Darryl Moore unquestionably supports his son’s decision, but he wanted his teenager to know what he was setting himself up for. “I talked to him about the potential consequences. Like, hey, you see the consequences that Kaepernick went through, and he’s a star. It can be backlash … not just from kids, but from adults too. It’s some nasty people out there,” Darryl Moore said. “He still wanted to go along with his decision to kneel. But he knew the consequences going in.”
Darryl Moore, who owns a basketball training company and is a substitute teacher at the local high school and middle school, talks about being pulled over by the police and racially profiled as a black man in a jovial, laughing-to-stop-me-from-crying tone. “The only issues I’ve had was just with probably me being African-American,” he said of living in Tiffin.
After the message was posted to Snapchat, Darryl Moore and his wife, Shawna Moore, spoke with CCA’s athletic director Kurt Ronnfeldt and school district superintendent Tim Kuehl. Both expressed support for Darius Moore’s right to free speech and assured the parents that hateful speech would not be tolerated.
On Oct. 8, the Clear Creek Amana Community School District released a statement supporting “the free exchange of ideas embodied by the First Amendment” and that the district “will not interfere with a student’s right of expression by peacefully kneeling or sitting during the traditional standing for the national anthem.” The statement added that “students will not be discriminated against in the education program, and that harassment or bullying of students will not be tolerated. Any conduct which violates these policies will be handled by school officials in accordance with law.”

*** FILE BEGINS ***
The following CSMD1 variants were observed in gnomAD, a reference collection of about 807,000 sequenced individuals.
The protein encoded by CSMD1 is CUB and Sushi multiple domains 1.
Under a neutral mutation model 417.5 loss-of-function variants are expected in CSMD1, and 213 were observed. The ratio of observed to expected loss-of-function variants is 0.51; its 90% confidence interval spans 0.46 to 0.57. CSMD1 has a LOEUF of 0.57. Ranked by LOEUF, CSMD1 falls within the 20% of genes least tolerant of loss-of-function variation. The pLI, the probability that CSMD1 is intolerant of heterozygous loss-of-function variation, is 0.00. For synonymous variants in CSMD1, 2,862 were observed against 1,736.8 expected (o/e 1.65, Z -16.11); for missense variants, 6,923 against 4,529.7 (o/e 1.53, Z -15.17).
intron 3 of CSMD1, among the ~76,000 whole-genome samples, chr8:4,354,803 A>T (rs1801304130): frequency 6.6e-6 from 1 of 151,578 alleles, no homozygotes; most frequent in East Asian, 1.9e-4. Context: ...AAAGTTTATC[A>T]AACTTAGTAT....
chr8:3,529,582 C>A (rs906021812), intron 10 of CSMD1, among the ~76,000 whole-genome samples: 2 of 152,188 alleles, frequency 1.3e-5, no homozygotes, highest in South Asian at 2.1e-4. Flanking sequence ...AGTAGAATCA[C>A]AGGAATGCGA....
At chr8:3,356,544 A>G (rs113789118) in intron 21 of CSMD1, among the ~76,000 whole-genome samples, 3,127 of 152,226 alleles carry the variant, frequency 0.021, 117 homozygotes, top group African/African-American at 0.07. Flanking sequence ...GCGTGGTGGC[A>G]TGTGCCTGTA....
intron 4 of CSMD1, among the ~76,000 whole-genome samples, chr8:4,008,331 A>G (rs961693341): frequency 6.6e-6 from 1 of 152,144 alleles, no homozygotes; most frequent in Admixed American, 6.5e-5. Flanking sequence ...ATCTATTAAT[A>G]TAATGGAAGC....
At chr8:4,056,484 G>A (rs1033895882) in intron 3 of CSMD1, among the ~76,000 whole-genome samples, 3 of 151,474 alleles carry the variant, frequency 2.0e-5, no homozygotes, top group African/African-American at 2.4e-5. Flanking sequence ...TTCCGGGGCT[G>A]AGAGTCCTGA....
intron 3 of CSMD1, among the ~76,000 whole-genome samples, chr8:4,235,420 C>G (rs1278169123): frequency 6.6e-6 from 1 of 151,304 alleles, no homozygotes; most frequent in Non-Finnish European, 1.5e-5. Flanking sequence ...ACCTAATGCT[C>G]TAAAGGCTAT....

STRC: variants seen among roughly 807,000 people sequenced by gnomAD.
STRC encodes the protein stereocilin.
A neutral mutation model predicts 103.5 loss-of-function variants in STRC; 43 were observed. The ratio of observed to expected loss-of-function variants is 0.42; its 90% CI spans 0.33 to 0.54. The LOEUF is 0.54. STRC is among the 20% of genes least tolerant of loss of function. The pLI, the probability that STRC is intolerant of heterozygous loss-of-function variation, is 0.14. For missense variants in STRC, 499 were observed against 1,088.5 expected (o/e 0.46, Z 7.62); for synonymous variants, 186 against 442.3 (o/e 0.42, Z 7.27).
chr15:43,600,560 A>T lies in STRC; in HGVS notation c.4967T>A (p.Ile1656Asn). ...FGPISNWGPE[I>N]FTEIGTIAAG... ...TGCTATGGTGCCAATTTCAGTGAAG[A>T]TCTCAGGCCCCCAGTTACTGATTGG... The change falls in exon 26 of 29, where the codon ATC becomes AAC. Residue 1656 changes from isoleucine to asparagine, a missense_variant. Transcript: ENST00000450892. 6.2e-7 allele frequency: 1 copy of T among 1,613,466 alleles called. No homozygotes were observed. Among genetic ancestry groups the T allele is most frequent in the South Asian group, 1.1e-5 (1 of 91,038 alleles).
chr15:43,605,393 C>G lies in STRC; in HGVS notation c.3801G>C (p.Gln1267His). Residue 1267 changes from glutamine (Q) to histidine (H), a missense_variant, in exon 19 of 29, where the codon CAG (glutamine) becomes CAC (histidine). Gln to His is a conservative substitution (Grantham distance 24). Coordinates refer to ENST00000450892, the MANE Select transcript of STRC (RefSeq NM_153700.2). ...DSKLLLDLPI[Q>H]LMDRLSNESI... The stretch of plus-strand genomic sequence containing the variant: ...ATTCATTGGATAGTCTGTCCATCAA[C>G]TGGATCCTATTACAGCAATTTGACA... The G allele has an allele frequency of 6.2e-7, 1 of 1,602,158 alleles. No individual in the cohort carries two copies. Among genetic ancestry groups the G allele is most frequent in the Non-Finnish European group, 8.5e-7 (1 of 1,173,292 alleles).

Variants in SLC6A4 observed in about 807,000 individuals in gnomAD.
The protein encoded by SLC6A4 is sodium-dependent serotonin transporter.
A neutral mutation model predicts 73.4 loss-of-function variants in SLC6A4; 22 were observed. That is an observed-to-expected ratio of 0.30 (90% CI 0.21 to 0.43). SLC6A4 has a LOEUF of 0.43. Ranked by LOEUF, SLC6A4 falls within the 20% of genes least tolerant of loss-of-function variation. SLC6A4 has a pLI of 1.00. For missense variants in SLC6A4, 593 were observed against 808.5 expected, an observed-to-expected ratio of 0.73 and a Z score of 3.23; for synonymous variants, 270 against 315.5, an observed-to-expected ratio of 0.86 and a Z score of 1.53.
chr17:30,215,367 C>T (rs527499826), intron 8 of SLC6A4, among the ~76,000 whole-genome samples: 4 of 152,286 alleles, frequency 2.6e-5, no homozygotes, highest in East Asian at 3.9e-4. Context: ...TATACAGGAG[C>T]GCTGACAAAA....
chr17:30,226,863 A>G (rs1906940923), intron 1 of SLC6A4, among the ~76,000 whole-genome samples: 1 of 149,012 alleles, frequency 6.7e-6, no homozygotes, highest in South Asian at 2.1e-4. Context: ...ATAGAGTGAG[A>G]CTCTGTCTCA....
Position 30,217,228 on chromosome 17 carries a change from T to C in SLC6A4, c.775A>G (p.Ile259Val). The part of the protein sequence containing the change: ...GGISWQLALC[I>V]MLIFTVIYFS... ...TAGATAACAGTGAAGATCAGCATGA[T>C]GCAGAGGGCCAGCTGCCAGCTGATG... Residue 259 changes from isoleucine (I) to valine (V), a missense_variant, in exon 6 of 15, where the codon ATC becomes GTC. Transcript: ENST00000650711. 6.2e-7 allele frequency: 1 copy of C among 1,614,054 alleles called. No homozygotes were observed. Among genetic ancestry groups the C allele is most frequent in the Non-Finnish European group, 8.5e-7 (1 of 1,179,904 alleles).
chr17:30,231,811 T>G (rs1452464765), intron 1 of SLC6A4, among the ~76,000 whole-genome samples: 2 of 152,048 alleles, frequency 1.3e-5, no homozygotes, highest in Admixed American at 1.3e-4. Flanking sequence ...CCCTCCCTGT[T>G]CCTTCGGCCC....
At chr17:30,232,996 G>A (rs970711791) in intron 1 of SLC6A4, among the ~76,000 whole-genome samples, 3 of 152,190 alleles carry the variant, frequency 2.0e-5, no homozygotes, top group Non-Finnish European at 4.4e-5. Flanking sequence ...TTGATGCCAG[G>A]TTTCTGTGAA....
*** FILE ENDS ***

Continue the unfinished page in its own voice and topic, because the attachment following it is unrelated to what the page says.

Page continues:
Despite the Snapchat post, Darryl Moore doesn’t fear for his son’s safety because outside of a small group of people, the community has been understanding. CCA coach Gabe Bakker, in his first season with the program, asked Darius Moore to address the team and explain why he was kneeling, and now the nearly all-white team (Darius Moore is one of three black players) has his back. If the national anthem is played before varsity games going forward, Darius Moore plans to kneel. CCA has two games remaining before the playoffs.
Ronnfeldt said the school will “follow our normal schedule with the marching band playing the national anthem before the varsity contest.” When asked about any discipline for the student who posted the photo, the athletic director said, “We cannot provide info on student’s personal, educational, and/or disciplinary records.”
Darius Moore, like Kaepernick and other NFL players, wants to do more than kneel during the national anthem. He’s only in high school, but he’s doing his part to encourage his friends and community members to call out racism and social injustice. He had to build up courage to have his voice heard, and he wants others around him to stand up for what they believe in. He hopes others can take what happened to him and find that courage as well.
“This needs to be heard,” Darius Moore said. “People need to hear about this. This stuff actually happens. This is why pro players, college players, high school players are taking a knee, because of this reason right here.”